Labor leaders and tradespeople showed up in force to support the project, which Tejon Ranch Co. has presented as an economic win the for the county, predicting it will create more than 20,000 permanent jobs, roughly 25,000 construction jobs and a $31 million annual public revenue surplus for the county.
Centennial would be “a powerful engine for prosperity here in Los Angeles County,” said Bill Allen, CEO of the Los Angeles County Economic Development Corporation.
The Center for Biological Diversity and others argued the project would destroy grasslands and habitat for rare plants and animals and contribute to air pollution by generating more than 75,000 new vehicle trips a day as drivers commute into Los Angeles. Once lost, that wilderness can never be restored, they told the board.
“Nothing compares to the jaw-dropping wonder and biological diversity of Tejon and the adjacent Gorman Hills, which have been compared to Yosemite Valley for the world-class scenery not seen anywhere else on the planet,” said professional photographer Richard Dickey.
Tejon Ranch’s vice president of community development, Greg Medeiros, said the company had identified the highest quality habitat areas on the ranch and protected them under the 2008 conservation agreement. He and other executives said Centennial would be an environmentally friendly community that will conserve water and energy.
Barger said the developer has gone above and beyond “to make their project as good as it can be based on public input from both sides” and concluded, “I believe that this project does strike a balance that will support generations to come.”
In order to mitigate concerns over air pollution, the project includes measures to promote electric vehicles and complies with per-capita greenhouse gas emissions for the state’s 2030 and 2050 targets.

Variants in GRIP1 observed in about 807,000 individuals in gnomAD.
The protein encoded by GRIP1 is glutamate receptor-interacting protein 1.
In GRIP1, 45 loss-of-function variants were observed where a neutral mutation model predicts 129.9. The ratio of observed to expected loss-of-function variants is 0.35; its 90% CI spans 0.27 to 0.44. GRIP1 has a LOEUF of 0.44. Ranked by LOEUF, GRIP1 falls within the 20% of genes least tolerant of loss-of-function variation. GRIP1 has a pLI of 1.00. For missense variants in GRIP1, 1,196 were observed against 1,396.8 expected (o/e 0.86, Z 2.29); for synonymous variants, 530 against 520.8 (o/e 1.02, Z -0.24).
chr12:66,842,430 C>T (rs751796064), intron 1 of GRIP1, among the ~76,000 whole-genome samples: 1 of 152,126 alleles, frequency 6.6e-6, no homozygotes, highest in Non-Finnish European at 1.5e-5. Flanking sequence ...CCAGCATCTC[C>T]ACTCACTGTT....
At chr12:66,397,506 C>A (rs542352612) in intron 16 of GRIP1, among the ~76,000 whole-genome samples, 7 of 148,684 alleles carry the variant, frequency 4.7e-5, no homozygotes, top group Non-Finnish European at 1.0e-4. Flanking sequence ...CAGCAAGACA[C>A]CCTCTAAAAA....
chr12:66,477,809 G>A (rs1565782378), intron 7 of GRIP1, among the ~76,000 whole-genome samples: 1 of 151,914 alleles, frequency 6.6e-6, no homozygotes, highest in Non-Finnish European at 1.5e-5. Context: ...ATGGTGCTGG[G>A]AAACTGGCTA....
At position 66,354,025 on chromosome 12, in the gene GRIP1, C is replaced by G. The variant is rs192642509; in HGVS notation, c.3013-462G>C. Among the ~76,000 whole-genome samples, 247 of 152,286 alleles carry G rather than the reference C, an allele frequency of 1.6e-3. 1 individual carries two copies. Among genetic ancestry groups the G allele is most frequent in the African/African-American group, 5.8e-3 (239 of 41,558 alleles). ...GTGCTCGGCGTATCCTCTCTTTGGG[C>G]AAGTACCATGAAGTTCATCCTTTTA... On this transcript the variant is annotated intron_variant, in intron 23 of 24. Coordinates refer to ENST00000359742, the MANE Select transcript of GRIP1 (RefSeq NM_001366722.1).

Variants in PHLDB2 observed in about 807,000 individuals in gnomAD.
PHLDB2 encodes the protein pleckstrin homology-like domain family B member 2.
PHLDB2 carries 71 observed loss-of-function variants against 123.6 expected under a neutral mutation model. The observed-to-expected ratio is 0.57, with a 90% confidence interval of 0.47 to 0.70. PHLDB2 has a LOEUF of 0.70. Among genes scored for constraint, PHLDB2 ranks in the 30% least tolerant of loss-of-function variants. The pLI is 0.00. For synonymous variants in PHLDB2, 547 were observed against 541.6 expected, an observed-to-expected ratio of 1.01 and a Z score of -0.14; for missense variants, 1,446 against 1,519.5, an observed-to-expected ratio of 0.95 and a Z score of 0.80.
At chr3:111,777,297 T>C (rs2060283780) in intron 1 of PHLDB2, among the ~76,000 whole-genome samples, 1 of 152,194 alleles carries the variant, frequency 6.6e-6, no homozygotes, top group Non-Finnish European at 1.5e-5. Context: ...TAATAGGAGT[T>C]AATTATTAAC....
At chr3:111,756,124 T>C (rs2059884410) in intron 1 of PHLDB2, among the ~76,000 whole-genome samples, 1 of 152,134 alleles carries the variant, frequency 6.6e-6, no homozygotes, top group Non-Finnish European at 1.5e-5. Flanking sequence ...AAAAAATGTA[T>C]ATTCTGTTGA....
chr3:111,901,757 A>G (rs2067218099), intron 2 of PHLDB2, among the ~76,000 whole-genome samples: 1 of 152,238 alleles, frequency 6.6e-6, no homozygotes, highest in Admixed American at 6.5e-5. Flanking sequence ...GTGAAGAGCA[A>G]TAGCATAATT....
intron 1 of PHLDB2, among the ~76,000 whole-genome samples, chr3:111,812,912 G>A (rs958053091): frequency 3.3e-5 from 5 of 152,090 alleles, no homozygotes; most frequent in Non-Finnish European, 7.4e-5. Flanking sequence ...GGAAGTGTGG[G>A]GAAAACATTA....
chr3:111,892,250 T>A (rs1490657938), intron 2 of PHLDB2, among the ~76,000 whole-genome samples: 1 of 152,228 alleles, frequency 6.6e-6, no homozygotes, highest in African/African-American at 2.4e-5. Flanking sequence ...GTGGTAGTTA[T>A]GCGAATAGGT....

Perhaps the most timely objection by opponents was that the project will put residents at risk because the site is located in a severe fire hazard zone with no natural water supply.
“What could you possibly be thinking?” one resident asked. “(This) flies in the face of everything we should be doing to fight climate change.”
Los Angeles County Fire Chief Daryl Osby said his team’s initial review of the project focused on the ability to get in and out of the proposed community easily, a sufficient water supply, the appropriate number of fire stations and making sure all vegetation would not only be set back from structures but that new landscaping would be non-flammable. As far as construction, the building materials will be non-flammable, according to the fire chief.
Barger asked Osby how he felt about the site’s fire safety.
“As the fire chief, I am extremely confident and comfortable. We are planning this community from inception,” Osby said, who added that his department was coordinating with state agencies.
Supervisor Sheila Kuehl remained unconvinced.
“I think there’s been an enormous number of things wrong with this project,” Kuehl said, who acknowledged that devastation in her district from the Woolsey Fire had caused her to look harder at the project. “It’s the aggregate of these issues that convinces me that it’s a bad idea.”
Kuehl said proponents were taking what they were told about jobs and affordable housing on faith, but she was skeptical about whether good-paying permanent jobs would ever materialize in the community or whether the housing would ever be affordable for middle-class teachers and police officers.
County counsel will draft the necessary project documents for a future procedural vote by the board.